So what you have is a disciplined company. The company is is extremely profitable. It is a leader in its space for innovation. They've really grown shareholder value, built shareholder wealth over time, and I would call it a GDP plus company. If the economy grows, 3M is going to grow and it should grow a little bit more. So that's a summary of why we like 3M and why we've been investing in it over the years. More recently, in the last year we purchased more of the stock around the $160 range. But now we've got stock down to $125. What's going on with 3M? Yeah, it's been a great company. It's well managed, disciplined, but why has the stock come down? Well, there's a big unknown out there. A few decades ago they bought a company called Aero technologies, and one of the things that Aero technologies did was produced earplugs for the military. During the Iraq and Afghanistan wars Aero supplied US military with earplugs that actually functioned in two different ways depending on which way you put them in your ear, which was unique from that standpoint. On one side, if you put the earplugs in, it would drown out the heavy sounds but you could carry on a conversation. If you flip the earplug around, it was designed to muffle all sounds. So if you look at what's happening today, there's roughly 230,000 ex military plaintiffs that are alleging that the earplugs were faulty. So there's a huge unknown as to what exactly the liability the company is gonna end up being. So the stock has come down. And part of it is just due to the fact that the market has had a rough year, but 3M has come down more than just what the overall market has experienced. This is obviously due to liability or the potential liability of these lawsuits that are hanging out there. There's been 16 that have that have gone through trial. 3M, has won about 40% of plaintiffs have won the rest. But what we don't know is just what that number is going to end up being. There's estimates from as low as a billion all the way up to as high as 100 billion.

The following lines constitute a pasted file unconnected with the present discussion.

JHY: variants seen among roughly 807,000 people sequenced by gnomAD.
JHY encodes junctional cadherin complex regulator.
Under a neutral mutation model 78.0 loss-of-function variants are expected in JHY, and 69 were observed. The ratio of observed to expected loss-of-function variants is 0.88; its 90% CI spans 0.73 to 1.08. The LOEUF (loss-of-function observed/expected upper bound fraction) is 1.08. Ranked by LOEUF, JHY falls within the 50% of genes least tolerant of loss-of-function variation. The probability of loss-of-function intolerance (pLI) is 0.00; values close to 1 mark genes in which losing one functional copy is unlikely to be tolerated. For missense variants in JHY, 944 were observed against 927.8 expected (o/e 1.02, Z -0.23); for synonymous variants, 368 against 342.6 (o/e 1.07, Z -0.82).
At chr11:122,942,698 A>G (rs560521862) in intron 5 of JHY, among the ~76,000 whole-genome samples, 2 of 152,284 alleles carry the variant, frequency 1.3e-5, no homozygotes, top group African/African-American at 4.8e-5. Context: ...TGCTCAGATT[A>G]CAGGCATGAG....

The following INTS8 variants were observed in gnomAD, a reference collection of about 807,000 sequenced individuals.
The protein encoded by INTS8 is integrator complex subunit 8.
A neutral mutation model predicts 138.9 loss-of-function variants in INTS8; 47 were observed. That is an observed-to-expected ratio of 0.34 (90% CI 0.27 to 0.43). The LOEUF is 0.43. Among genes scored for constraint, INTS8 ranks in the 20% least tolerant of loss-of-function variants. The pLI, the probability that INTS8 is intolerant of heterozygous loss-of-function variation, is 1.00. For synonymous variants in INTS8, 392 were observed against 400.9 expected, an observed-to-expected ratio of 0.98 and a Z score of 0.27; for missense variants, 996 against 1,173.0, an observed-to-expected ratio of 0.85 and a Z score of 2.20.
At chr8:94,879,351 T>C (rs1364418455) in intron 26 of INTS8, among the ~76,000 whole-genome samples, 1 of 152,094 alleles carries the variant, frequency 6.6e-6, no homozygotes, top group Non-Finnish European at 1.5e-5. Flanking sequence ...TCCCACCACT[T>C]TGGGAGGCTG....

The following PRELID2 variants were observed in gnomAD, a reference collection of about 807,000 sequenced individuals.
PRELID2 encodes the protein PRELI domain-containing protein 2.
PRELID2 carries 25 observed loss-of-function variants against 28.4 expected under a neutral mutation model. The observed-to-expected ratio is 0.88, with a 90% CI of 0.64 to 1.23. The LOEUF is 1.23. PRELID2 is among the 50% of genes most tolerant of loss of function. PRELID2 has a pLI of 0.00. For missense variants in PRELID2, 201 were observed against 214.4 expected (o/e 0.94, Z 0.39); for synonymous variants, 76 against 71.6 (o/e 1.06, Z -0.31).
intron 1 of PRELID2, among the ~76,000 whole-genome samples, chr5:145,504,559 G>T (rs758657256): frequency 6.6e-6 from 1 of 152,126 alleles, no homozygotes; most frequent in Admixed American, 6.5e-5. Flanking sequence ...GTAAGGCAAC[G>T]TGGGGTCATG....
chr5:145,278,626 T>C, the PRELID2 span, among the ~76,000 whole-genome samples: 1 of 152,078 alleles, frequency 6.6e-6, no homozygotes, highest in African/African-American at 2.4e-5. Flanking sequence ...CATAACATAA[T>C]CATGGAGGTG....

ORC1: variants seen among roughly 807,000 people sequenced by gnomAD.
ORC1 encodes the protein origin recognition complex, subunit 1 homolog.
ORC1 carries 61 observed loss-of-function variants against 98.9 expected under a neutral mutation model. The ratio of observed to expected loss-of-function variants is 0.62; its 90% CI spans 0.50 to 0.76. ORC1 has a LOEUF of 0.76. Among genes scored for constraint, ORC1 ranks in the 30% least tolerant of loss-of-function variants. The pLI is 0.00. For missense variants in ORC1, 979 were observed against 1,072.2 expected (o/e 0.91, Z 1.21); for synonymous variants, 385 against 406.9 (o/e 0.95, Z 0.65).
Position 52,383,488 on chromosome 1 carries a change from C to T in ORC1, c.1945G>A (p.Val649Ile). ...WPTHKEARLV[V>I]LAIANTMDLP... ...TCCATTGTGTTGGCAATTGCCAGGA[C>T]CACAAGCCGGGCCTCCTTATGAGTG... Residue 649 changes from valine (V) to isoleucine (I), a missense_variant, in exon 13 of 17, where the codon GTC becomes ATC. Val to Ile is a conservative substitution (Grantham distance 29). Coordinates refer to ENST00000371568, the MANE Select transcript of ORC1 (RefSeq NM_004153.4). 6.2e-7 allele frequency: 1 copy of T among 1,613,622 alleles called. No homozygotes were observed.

So you're faced with a dilemma here. If 3M ends up with a liability that's $100 billion or close to that it's most likely not going to be a dividend grower going forward, then you get into the situation that they could quite possibly cut the dividend. Or if it was a quick settlement, which really never happens in these kinds of situations, it can even bankrupt the company. But the reality is these things don't get ssettled quickly, they're usually over multiple decades. You have to step back. Do you really want to sell the company because you have this unknown out there? You know, if you're going to look at things that only have blue sky in front of them then you won't own hardly anything. The bigger problem is, if it looks like the company's just has a great future, you're really not going to be in a value space, you're going to be paying a huge premium. If you look at price versus value, and you go back to the October 2005 price of $76. They had earnings of $3.98. So I actually paid $19 for each dollar of earnings. We're currently at $125. Their estimates are that they're going to earn $10 a share. Well now, the stock only trades 12 and a half times its current earnings or $12 for each dollar earnings. So the stock actually has better value in it today than it did when I first bought it and the starting dividend is much higher. So right now we just don't know. But the stock is very reasonably priced. You've got a high quality company. The dividends almost 5%, so at this point they don't even have to grow it that much and I think we at least want to hold it.
Here's another thing to keep in mind too. When a stock is cheap representing the uncertainty, that potentially creates opportunities in and of itself. If you go back and look at Philip Morris, you have a company that was sued by all 50 states. There were a few tobacco companies that were involved in this but Philip Morris was the big player. The suit was over 250 billion in total because of all the issues out there was smoking. We don't need to get into that. But because the cashflow is so strong at Philip Morris, they continued to pay their dividend. And because the stock has always been relatively inexpensive, it comes back to the power of compounding. You still have Philip Morris, that was one of the best performing stocks going back 50 years going through 2021. So you can still have a big cloud of uncertainty and it can still be a great investment if you hold it just from the compounding of dividends. Now I will say we don't own it. We've never owned it, but it's just a great example of how uncertainty is not the end of the world. The great thing about dividends is they can cover a multitude of sins.